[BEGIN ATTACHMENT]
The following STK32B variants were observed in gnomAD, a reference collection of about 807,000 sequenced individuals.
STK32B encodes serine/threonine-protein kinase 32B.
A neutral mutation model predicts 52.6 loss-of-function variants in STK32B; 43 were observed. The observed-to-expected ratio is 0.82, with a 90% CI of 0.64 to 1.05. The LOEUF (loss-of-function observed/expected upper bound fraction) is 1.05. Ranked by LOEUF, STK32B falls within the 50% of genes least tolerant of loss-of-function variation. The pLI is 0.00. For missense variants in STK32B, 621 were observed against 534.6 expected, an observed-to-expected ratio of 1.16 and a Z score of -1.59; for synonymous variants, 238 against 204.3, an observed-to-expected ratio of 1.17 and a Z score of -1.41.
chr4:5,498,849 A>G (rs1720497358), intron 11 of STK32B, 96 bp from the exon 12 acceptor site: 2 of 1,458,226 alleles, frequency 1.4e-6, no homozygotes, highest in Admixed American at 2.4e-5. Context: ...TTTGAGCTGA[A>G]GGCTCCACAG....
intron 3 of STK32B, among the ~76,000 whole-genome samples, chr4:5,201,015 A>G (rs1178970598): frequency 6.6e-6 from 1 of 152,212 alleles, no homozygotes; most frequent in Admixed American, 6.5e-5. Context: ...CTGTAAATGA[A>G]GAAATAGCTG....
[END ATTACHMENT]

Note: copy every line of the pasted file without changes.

The following STK32B variants were observed in gnomAD, a reference collection of about 807,000 sequenced individuals.
STK32B encodes serine/threonine-protein kinase 32B.
A neutral mutation model predicts 52.6 loss-of-function variants in STK32B; 43 were observed. The observed-to-expected ratio is 0.82, with a 90% CI of 0.64 to 1.05. The LOEUF (loss-of-function observed/expected upper bound fraction) is 1.05. Ranked by LOEUF, STK32B falls within the 50% of genes least tolerant of loss-of-function variation. The pLI is 0.00. For missense variants in STK32B, 621 were observed against 534.6 expected, an observed-to-expected ratio of 1.16 and a Z score of -1.59; for synonymous variants, 238 against 204.3, an observed-to-expected ratio of 1.17 and a Z score of -1.41.
chr4:5,498,849 A>G (rs1720497358), intron 11 of STK32B, 96 bp from the exon 12 acceptor site: 2 of 1,458,226 alleles, frequency 1.4e-6, no homozygotes, highest in Admixed American at 2.4e-5. Context: ...TTTGAGCTGA[A>G]GGCTCCACAG....
intron 3 of STK32B, among the ~76,000 whole-genome samples, chr4:5,201,015 A>G (rs1178970598): frequency 6.6e-6 from 1 of 152,212 alleles, no homozygotes; most frequent in Admixed American, 6.5e-5. Context: ...CTGTAAATGA[A>G]GAAATAGCTG....